What My First Drafts Look Like
There’s a sort of misconception that writers are awesome at writing. Almost everyone I know, no matter how good they are, have told me how embarrassingly bad their first drafts are.
Even these established, wonderful, prize winning authors will admit this. But I think the reason that this idea that writers are naturally good at writing comes from two things.
1. These established writers are established. Which means they have so much practice that they are probably better at writing good first drafts than when they first started.
2. No one is willing to show their dirty laundry in public, so we don’t see these crappy drafts.
Now I’m not saying I’m a good writer or anything. That’s not really up to me to decide. But I am willing to show off my dirty laundry.
So I decided to share with you a snippet of a piece I worked on for fun. It comes from Chuck Wendig’s prompt to write a Biopunk Space Opera. I just wrote for fun and with no inhibitions and no meter as to what was good or bad.
Years and years ago, before the stars stopped shining in the twinkle-white way they do against the deep black night, a woman once stood on a hill and looked at the Milky Way splattered and painted across the sky.
Alada stood on the hill and looked up. She stood in the exact spot she imagined this long-ago woman would have stood and stared at the equations streaming across her line of vision. The galaxy had been marked, completely, and there was no more twinkle-white to see. Alada lifted her hand and brushed away the numbers and letters and symbols that clouded her vision but behind them, there was only black. She let go of the woman with her shining stars that Alada imagined once stood in this very spot long ago and walked back down into the safety of the dale before the Corporation could find her.
Now that she was disconnected from the Network, it was getting harder for her to navigate her world. Her vision had been upgraded when she was a baby. The Network provided her with the canvas, the paint and the picture by which she would visually live her life. She was able to download a basic spec of the geography of the Earth, but beyond that, everything belonged to the Network. If she wanted to see fully, she would have to plug back in. But if she did that –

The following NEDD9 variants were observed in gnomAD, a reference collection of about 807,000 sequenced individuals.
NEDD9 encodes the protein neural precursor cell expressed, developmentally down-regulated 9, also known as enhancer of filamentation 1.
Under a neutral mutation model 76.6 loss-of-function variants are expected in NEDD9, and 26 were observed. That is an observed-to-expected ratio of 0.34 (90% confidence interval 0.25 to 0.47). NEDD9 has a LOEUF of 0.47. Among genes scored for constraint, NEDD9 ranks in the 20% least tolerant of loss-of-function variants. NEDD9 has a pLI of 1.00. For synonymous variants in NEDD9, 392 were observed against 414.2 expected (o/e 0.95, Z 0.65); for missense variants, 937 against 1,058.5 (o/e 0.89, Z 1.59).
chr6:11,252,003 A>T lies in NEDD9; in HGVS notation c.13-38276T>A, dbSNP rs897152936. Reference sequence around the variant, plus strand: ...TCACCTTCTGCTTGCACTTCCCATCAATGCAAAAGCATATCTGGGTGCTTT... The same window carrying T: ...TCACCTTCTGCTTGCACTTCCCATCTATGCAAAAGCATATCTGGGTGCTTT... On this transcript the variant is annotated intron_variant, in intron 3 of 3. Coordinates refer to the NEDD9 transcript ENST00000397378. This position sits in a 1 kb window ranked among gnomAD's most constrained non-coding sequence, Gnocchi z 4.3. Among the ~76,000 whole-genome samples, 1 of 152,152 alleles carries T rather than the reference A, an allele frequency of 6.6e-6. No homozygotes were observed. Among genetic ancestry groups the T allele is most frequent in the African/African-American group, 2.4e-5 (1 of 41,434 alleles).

“Why’s it so goddamn muggy here anyway,” Mott said and swiped at his neck as if he were being attacked by a mosquito.
“We leave tonight.” Alada walked toward the ship, hidden in the brush. It was a small ship, small enough to go undetected unless someone looked for it.
“Hey, I don’t even know if I have enough energy to get us past the astroid belt.”
Alada kept walking pretending she hadn’t heard Mott. She pressed her hand against the plate, which was already programed to read her biofeedback and the door to the ship opened.
She turned toward Mott and cocked her ear toward him, waiting for an argument. She couldn’t see him, but she could hear the rustling which meant he wasn’t in the mood for arguing and was packing up.
“I suppose you want me to fly the damn thing too,” he answered back as he passed her and walked aboard the ship.
Alada smiled at this. He knew she couldn’t fly the ship. She disconnected from the Network which meant not only could she not see, she didn’t know how to fly ships either. She was lucky she found someone sympathetic to her cause that did know and was willing to do it secretly under the nose of the Corporation.
Mott was a Sullied, which meant he was 100% tech free. He had no bio-upgrades or DNA mods. He lived disconnected from the Network. Although technically not illegal, the Sullied were looked down upon and not welcome anywhere under the influence of the Corporation. Alada, however, was a Disassociate. She had bio-upgrades that were given to her by the Corporation. Since she disconnected, she was a criminal and the Corporation would be looking for her.
“You’ll want to leave that behind,” Mott said and pointed at the screen on her wrist. Alada looked down at her wrist out of habit. She could see Mott, he had a faint bio-glow that her eyes picked up, but couldn’t what he was pointing at. But she knew the screen was there, embedded in her skin.
The screen was part of a GPS system that tracked her move. She could check in with her friends when she went out, she could be found if she got lost or kidnapped, and she could be found by the Corporation if she decided to disconnect and flee out of their sphere of influence.
She looked up at him with a cocked eyebrow. “How do you expect me to leave it behind?”
Mott grinned and Alada heard the click of metal against metal. She jumped as the cold blade touched her wrist. Motts hand was warm against her arm, but he held her firmly. She swallowed and took a deep breath in and nodded.
I don’t really have a reason for writing this which is probably part of the reason it’s boring and doesn’t go anywhere. I wrote out of my comfort zone – I am not familiar with these genres. But I wanted to give it a go. This is what I wrote without any editing or changing. I turned off my inner critic and just typed.
If I were to turn this into something I wanted to publish, I would first try to find out my reason for writing this. Why do I want you to read it? Then I would go back over it many many many times and fix this so that it says what I want to say how I want to say it. Again, this is just a for fun thing, but I just wanted to give people an idea as to what comes out of my head and out on the page the first time around.